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August 3rd, 2007
An Advanced Look At Fashioning Kimono: Dress and Modernity in Early Twentieth-Century Japan


Fashioning Kimono: Dress and Modernity in Early Twentieth-Century Japan (May-July 2008)

The kimono, the national dress of Japan, is celebrated worldwide for its elegant, distinctive silhouette. Though quintessentially Japanese, the kimono form has influenced fashion designers in every corner of the globe. In Spring 2008 the Philadelphia Museum of Art will present Fashioning Kimono: Art Deco and Modernism in Japan, an exhibition featuring 100 kimono created in the late 19th and early-to-mid 20th centuries – one of the most dynamic periods in the history of Japan’s national costume. The exhibition includes formal, semi-formal, and casual kimono, haori jackets, and under-kimono worn by men, women, and children. While many of these garments reflect historical continuity in designs and techniques, many more illustrate a dramatic break with aspects of kimono tradition, as themes and designs from Western art began to predominate over historical Japanese references.

The exhibition focuses on the final era of the “living” kimono, that is, when kimono still remained the dress of choice, worn daily by the majority of people in Japan, beginning with the 1890s; it continues through the 1940s and 50s, when Western clothes came to replace the kimono for everyday wear and the kimono assumed a largely formal and ceremonial meaning. Drawn from the Montgomery Collection in Lugano, Switzerland, the textiles will be accompanied by a select group of vintage photographs on loan from the International Hokusai Research Centre in Milan, placing the kimono in context.

“There’s a fascinating blend of tradition and modernity evident in the designs of these kimono,” Associate Curator of Costume and Textiles Kristina Haugland said. “It’s very much reflective of the dynamic, cross-cultural dialogue that was taking place, as Western artists working in the Art Nouveau and Art Deco styles, who were themselves inspired by the arts of East Asia, began to have an important impact on early 20th-century Japanese textile design.”

The exhibition is organized into four main areas, beginning with examples of traditional kimono, followed by sections highlighting the different styles of kimono for men, women and children. The first section includes the earliest garments in the exhibition, which date to the late Edo period; these reflect Japan’s longstanding kimono tradition of simple, elegant designs that were hand-painted or stencil-painted onto fabrics handspun and hand-woven at home, and delicately dyed with soft, plant-based colors. Striped kimono were extremely popular, worn by young women for work outside of the home – in cafes, department stores, factories and other places of business. They were also worn as casual everyday wear for school or play.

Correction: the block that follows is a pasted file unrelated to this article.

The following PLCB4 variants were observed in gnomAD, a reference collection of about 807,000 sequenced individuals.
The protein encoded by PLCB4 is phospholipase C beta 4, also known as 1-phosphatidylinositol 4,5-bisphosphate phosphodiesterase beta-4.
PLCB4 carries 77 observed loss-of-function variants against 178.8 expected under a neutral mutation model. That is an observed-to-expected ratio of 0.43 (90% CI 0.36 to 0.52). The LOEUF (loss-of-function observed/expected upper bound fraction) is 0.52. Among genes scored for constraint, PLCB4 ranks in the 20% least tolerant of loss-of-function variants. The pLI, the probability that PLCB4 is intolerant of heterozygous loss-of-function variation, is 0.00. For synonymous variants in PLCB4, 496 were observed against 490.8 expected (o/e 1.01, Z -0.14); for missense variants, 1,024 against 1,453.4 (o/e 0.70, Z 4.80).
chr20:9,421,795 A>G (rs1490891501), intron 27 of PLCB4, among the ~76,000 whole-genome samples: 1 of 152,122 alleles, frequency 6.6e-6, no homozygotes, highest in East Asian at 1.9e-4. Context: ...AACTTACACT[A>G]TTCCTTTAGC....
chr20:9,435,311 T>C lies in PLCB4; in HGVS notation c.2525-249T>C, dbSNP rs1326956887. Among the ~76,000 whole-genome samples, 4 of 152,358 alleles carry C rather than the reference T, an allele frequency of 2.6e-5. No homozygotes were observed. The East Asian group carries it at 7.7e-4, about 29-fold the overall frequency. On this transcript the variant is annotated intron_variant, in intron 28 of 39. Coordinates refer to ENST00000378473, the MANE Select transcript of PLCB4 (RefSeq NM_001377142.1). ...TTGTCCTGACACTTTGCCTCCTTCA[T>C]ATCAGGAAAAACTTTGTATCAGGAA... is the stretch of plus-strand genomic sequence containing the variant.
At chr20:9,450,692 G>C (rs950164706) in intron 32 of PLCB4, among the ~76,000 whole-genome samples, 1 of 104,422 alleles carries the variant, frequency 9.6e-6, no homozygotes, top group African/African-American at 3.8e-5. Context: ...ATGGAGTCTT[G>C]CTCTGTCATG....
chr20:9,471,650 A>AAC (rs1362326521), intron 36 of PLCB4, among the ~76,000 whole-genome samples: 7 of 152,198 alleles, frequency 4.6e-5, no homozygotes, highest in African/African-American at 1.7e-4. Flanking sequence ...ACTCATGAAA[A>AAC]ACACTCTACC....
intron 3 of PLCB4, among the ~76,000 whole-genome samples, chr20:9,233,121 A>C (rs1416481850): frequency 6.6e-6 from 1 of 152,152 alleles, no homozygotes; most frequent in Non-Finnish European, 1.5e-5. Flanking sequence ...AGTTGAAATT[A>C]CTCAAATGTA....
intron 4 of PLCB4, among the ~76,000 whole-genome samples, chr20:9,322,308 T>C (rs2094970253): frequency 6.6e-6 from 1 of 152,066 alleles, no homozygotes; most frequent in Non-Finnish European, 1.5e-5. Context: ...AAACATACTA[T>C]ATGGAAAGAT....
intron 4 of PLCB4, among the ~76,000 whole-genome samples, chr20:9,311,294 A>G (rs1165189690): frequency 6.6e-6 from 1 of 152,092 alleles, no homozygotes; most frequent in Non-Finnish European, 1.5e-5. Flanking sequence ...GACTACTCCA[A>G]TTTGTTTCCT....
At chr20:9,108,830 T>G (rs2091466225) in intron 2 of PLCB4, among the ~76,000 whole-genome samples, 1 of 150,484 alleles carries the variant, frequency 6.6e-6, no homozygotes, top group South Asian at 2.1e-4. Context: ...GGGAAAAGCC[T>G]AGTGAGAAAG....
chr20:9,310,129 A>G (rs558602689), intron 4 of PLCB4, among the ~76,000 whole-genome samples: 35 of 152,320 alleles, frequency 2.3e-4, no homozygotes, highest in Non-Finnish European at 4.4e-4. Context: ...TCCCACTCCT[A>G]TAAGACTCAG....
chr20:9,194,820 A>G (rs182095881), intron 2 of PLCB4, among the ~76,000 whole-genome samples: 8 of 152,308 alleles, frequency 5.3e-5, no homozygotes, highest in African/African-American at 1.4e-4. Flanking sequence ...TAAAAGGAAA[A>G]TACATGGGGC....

Men’s kimono fashion in the late 19th and early 20th centuries was extremely conservative – typically of solid colors or decorated with small motifs in dark colors. Men’s under-kimono, in contrast, recall the earlier, 18th century “iki” fashion trend that expressed a preference for hidden beauty. While this trend originated in the latter part of the Edo period in reaction to government edicts outlawing the outward display of wealth by the merchant classes, it continued to influence men’s kimono styles well into the 20th century. The exhibition features several examples of exquisitely hand-painted and calligraphed linings for men’s jackets (haura) and under-kimono (juban), with images relating to a wide range of subjects, including folk and religious deities; traditional Nō theater; famous Japanese sites such as the Golden Pavilion in Kyoto; and Christian icons.

The children’s garments in the exhibition include several kimono-haori ensembles, one of which exemplifies the typical school uniform of the time. There are also several extraordinary formal kimonos. Many of the young boy’s under-kimono are decorated with graphically-explicit military designs or other symbols of modern times, such as trains and cars. In contrast, the young girls’ long-sleeved furisode with their bold and colorful, hand-painted floral motifs, evoke an innocent, yet vibrant, charm.

The most visually dynamic garments in the exhibition (comprising the majority) are the fashionable women’s kimono, known in Japan as “taishō modo” and “taishō roman” (shortened from the English word “romantic”). Taishō modo – a general term used for Taishō-period kimono fashion – include women’s ready-made, casual, everyday wear dating from the 1910s-1940s. These garments are typically decorated with large, bold designs – many Western-inspired – in bright colors (using new, imported German aniline dyes) on a machine-spun, plain-weave silk fabric. Each stunning example from this period shows a variation of the most popular motifs of the time – arrow feather, water stream, flowers such as camellia and morning glory, birds and Chinese arabesques, among others.